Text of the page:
A private company that ran group homes for vulnerable youth in government care – including Alex Gervais, an 18-year-old who died in September after he was placed in a hotel – employed at least one caregiver who kept weapons in the home and others who were found to have criminal records for offences including assault, according to a government investigation.
Two other employees were facing outstanding criminal charges while they were working for A Community Vision, a private contractor that ran 23 homes for the B.C. children's ministry.
The Globe and Mail obtained a summary of the government's investigation through a Freedom of Information request filed after the death of Mr. Gervais. He was among 33 children and youth who were living in ACV facilities before they closed earlier this year.
The summary outlines conditions that led the province to put a moratorium on placing children in ACV homes as of Jan. 21, 2015. The province ended all of its ACV contracts over ensuing months as soon as it was able to do so, with the last agreement ended in July, a ministry spokesman said on Monday.
The ministry says contractors have a legal obligation to complete criminal record checks. Under B.C. regulations, anyone whose criminal record "suggests they present a risk of physical or sexual abuse to children or a risk of physical, sexual or financial abuse to vulnerable adults" is not supposed to have access to these groups
Sections of the report referring to criminal record checks of several employees are redacted.
But several caregivers involved in the investigation had a criminal record, the summary states, and concerns included "false information on reports."
A review of complaints and responses over the past few years turned up other concerns.
"A review of ACV historical concerns and responses from the years 2008 to 2014 was added to the documentation and revealed several ongoing themes regarding caregivers using substances (one overdose resulting in death in 2010), criminal offences, inappropriate physical discipline, assault of [children in care] by primary caregiver, primary caregiver viewing adult pornography, possession of child pornography, conditions of the home, caregivers having sexual relationships in the resource [home], and domestic violence between the caregivers and their partners," the summary said.
A lawyer for ACV president Peter Finck said he disputes the findings of the report and maintains he was not allowed due process. And Mr. Finck had not seen the report summary until it was forwarded to him by The Globe and Mail on Monday afternoon, lawyer Bryan Baynham said.
"They did a report, refused to produce it to Peter [Finck], and terminated him," Mr. Baynham said. "The report is inaccurate, he disputes what he can see of the report and wants an opportunity to tell his side of the story – which is what he tried to do with the ministry.
"He asked for due process, asked for an appeal, and they said, 'No, we're not interested in your version of the facts and we're cancelling the contract."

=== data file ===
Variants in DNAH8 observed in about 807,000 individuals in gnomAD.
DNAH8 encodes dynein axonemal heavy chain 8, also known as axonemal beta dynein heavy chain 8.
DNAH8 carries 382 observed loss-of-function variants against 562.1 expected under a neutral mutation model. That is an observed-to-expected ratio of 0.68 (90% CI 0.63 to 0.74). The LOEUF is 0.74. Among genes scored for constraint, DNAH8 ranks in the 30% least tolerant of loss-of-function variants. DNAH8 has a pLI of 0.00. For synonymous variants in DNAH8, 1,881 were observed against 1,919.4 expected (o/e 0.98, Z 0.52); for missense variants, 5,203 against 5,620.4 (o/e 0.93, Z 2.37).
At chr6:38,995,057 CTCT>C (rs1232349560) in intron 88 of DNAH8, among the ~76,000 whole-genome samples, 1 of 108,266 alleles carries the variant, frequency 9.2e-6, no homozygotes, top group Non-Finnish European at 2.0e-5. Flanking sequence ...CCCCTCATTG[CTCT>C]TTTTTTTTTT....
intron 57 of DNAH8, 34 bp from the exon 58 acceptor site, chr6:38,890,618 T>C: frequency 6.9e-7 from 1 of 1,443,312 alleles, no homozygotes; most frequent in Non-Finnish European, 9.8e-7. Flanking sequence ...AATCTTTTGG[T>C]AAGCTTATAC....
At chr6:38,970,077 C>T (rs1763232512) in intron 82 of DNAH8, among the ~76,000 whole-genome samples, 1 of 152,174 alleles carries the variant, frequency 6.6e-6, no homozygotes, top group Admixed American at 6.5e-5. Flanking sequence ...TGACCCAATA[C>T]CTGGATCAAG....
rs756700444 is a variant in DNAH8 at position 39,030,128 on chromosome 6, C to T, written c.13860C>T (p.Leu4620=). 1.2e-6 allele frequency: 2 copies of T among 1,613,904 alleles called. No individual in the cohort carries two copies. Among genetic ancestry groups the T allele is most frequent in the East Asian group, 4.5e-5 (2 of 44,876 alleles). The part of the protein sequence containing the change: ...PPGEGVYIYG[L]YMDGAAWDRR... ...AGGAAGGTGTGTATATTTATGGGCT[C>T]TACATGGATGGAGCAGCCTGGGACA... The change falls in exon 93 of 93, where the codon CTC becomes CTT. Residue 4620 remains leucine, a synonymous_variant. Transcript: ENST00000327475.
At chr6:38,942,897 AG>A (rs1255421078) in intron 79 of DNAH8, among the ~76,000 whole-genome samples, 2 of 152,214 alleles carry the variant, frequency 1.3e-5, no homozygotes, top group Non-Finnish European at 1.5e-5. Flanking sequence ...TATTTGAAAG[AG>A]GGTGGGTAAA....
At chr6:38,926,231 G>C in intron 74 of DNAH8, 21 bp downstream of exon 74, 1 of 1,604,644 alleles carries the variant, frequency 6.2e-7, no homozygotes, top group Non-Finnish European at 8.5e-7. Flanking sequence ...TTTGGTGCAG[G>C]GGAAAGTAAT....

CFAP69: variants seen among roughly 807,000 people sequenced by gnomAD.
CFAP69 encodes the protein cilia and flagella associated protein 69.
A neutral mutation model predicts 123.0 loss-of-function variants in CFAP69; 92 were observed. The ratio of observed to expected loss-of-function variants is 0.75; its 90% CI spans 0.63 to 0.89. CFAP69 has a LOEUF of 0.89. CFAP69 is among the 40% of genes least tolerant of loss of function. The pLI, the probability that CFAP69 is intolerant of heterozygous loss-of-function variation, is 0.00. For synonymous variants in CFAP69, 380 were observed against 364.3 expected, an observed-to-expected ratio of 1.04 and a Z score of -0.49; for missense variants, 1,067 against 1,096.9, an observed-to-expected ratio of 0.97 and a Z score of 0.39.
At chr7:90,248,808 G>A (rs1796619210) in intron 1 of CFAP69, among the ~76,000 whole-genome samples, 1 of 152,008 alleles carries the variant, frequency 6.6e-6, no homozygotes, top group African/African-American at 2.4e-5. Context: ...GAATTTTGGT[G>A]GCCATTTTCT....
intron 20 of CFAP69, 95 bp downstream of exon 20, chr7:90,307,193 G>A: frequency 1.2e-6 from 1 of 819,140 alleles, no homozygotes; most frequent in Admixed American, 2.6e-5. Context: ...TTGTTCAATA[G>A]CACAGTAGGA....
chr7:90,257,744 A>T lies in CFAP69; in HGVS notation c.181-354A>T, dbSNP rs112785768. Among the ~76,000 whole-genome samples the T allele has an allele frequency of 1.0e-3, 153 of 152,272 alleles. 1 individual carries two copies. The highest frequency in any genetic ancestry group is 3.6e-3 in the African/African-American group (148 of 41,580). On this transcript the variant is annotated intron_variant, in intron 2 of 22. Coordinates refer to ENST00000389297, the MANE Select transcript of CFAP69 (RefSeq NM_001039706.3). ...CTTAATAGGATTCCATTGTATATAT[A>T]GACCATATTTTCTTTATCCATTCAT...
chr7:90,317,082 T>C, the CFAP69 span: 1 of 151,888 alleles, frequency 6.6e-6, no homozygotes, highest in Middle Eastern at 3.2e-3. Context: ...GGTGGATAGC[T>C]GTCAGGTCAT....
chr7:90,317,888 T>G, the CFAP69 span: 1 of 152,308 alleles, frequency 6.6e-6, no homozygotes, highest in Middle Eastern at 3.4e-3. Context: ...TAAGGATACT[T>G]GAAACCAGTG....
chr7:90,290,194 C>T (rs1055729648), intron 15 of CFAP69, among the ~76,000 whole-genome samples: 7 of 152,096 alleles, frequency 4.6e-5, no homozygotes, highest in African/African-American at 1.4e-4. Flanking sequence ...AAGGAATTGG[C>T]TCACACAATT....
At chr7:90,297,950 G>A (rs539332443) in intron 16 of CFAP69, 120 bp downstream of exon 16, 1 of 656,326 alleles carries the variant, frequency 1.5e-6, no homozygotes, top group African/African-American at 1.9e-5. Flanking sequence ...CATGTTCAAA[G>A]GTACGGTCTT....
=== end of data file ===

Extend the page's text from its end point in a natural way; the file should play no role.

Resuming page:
When ACV homes stopped accepting clients, the province and at least one aboriginal child care agency scrambled to find housing for 33 children and youth who had been in ACV facilities.
One of those was Mr. Gervais, who died Sept. 18 after he was placed in an Abbotsford hotel. The coroner and the ministry are investigating his death.
The summary of the ACV review includes 11 "substantiated" concerns under child protection laws and 29 "additional concerns."
Substantiated concerns included a youth being locked outside on a balcony as punishment.
Investigators looked at several homes and multiple complaints. In one Mission facility, they followed up on complaints that included "no food in the home, caregiver having weapons in home and mouse droppings," the summary says.
An "outcome" section related to that home says no evidence was found of lack of food or mouse droppings, but "all other allegations above were substantiated."
The type of weapon was not disclosed in the summary.
"Investigation documents released under [Freedom of Information] show why the ministry's action to shut down ACV was completely justified," Ministry of Child and Family Development spokesman Bill Anderson said Monday in an e-mail.
"In fact, out of an abundance of caution and because of child welfare concerns during the investigation, a number of caregivers were suspended before the full investigation was concluded," Mr. Anderson said.
A care plan was established for each child or youth involved with ACV. None of those plans included hotel stays as an option, Mr. Anderson said.
Mr. Baynham said Mr. Finck will have a more detailed response later, but could not provide it by deadline on Monday.
The ACV review highlights issues of accountability and oversight Ms. Turpel-Lafond has flagged in several reports, including one last year called "Who Cares?"
"There are patterns that we saw of children with complex needs being placed in a care environment where individuals who were not skilled, trained or capable of meeting the needs of these young people were working," Ms. Turpel-Lafond said.
B.C.'s Auditor-General has flagged "ministry oversight of contracted services for at-risk children and youth" as one of her projects for 2015-2016.